Friday, July 23, 2004

The 9/11 Commission Report

Both links below are to the Washington Post

Executive Summary (PDF 5.9 MB)

Full Report (PDF 7.4 MB)


For Bush and Kerry, Different Lessons From 9/11 Report

July 23, 2004
For Bush and Kerry, Different Lessons From 9/11 Report

LENVIEW, Ill., July 22 - President Bush staunchly defended his administration's antiterrorism policies on Thursday, the day that a bipartisan panel called for the nation's intelligence apparatus to be restructured, while his Democratic challenger, Senator John Kerry, called such changes "long overdue'' and criticized Mr. Bush for failing to carry out such an overhaul.

"This report carries a very simple message for all of America about the security of all Americans: We can do better," Mr. Kerry said in Detroit after speaking at the National Urban League convention. "We must do better, and there's an urgency to our doing better. We have to act now."

He added, "If I am elected president and there still has not been sufficient progress rapidly in these next months on these issues, then I will lead."

While generally embracing the recommendations of the panel, Mr. Bush used his appearance here at a training facility north of Chicago to underscore one of his major campaign themes, that the nation was better protected as a result of his administration's policies.

One example, he said, was the medical and emergency workers called first responders; he praised several hundred attending his speech at the Northeastern Illinois Public Safety Training Academy.

Mr. Bush congratulated them and strongly defended his actions since the Sept. 11 attacks, saying "Because of these achievements, America and the world are safer."

"If an attack should come," he said, "American will be prepared."

Mr. Bush referred several times to the commission report, characterizing it as an important tool in mapping future strategies to combat terrorist activities. He called it "a serious and comprehensive report with thoughtful recommendations," and said, "We will carefully study all their proposals, of course."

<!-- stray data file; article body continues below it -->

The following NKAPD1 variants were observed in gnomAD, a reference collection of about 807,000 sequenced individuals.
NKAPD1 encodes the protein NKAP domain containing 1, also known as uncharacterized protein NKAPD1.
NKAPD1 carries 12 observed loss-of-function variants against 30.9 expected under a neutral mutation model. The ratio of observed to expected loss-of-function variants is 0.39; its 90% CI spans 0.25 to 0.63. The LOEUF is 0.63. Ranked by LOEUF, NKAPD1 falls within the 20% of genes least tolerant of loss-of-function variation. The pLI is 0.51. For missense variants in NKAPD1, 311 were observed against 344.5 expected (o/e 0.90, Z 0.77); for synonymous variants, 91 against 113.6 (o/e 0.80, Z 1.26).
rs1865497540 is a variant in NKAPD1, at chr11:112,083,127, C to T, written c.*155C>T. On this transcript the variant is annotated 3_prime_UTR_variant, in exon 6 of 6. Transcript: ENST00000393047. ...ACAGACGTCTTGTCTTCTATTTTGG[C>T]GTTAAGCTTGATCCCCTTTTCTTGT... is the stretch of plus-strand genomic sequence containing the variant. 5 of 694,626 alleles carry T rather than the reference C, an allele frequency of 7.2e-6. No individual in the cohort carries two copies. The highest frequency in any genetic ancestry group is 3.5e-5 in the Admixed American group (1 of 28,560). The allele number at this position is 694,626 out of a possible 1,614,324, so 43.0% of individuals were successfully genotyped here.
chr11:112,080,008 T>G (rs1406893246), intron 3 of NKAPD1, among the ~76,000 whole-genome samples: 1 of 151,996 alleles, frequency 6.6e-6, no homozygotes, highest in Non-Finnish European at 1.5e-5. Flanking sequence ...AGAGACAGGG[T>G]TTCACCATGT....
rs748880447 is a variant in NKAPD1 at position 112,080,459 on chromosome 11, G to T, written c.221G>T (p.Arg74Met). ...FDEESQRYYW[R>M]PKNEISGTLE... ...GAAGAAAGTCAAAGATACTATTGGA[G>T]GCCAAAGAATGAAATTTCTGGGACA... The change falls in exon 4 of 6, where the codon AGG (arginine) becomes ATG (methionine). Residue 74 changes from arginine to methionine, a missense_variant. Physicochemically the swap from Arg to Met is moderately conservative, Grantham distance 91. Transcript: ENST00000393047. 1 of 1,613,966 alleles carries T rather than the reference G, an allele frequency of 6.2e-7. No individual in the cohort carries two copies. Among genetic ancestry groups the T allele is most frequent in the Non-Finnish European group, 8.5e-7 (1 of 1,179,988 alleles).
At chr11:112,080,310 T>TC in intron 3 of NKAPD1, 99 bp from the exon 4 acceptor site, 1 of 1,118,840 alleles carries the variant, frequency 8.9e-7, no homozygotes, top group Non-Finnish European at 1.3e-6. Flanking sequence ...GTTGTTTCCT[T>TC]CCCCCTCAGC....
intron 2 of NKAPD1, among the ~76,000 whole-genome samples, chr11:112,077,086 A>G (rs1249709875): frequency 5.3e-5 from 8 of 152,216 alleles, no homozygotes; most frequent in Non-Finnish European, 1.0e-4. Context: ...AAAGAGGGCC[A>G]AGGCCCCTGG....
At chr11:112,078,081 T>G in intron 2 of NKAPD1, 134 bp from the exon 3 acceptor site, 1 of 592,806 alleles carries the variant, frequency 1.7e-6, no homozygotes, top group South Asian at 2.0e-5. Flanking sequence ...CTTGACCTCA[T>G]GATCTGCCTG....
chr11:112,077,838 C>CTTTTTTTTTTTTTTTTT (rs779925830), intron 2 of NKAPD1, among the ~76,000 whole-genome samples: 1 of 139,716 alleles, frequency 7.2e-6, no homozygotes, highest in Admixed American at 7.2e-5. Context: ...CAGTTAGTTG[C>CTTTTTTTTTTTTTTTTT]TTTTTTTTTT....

Mr. Bush, who was introduced by Tom Ridge, the secretary of homeland security, also said that the report affirmed many steps his administration had already taken. He used much of his speech to review those steps, recalling military efforts in Afghanistan and Iraq, disruptions of financial networks used by terrorists and changes that eased the sharing of information by law enforcement agencies.

"I agree with their conclusion that the terrorists were able to exploit deep institutional failings in our nation's defenses that developed over more than a decade," he said. "The commission's recommendations are consistent with the strategy my administration is following to address these failings and to win the war on terror."

"But the job is not done," Mr. Bush said. "This report will help our country identify even more steps we can take to better defend America."

Mr. Kerry used the report to challenge Mr. Bush's leadership and priorities, blaming him for the conflicts among agencies that have been cited as impediments to more efficient intelligence gathering and response.

"Unfortunately, this administration has had an ongoing war between the State Department, the Defense Department, the White House," Mr. Kerry said. "People have been at odds, everybody knows it, they'll deny it, but everybody does know. And the fact is that it has created a struggle that has delayed our ability to move forward."

Mr. Kerry aimed only veiled criticism of former President Bill Clinton, saying some changes in the nation's intelligence-gathering efforts should have been made before Mr. Bush took office. And he said he agreed with the commission's finding that Congress had given terrorism too little attention and had responded slowly and inadequately in the years before the attacks.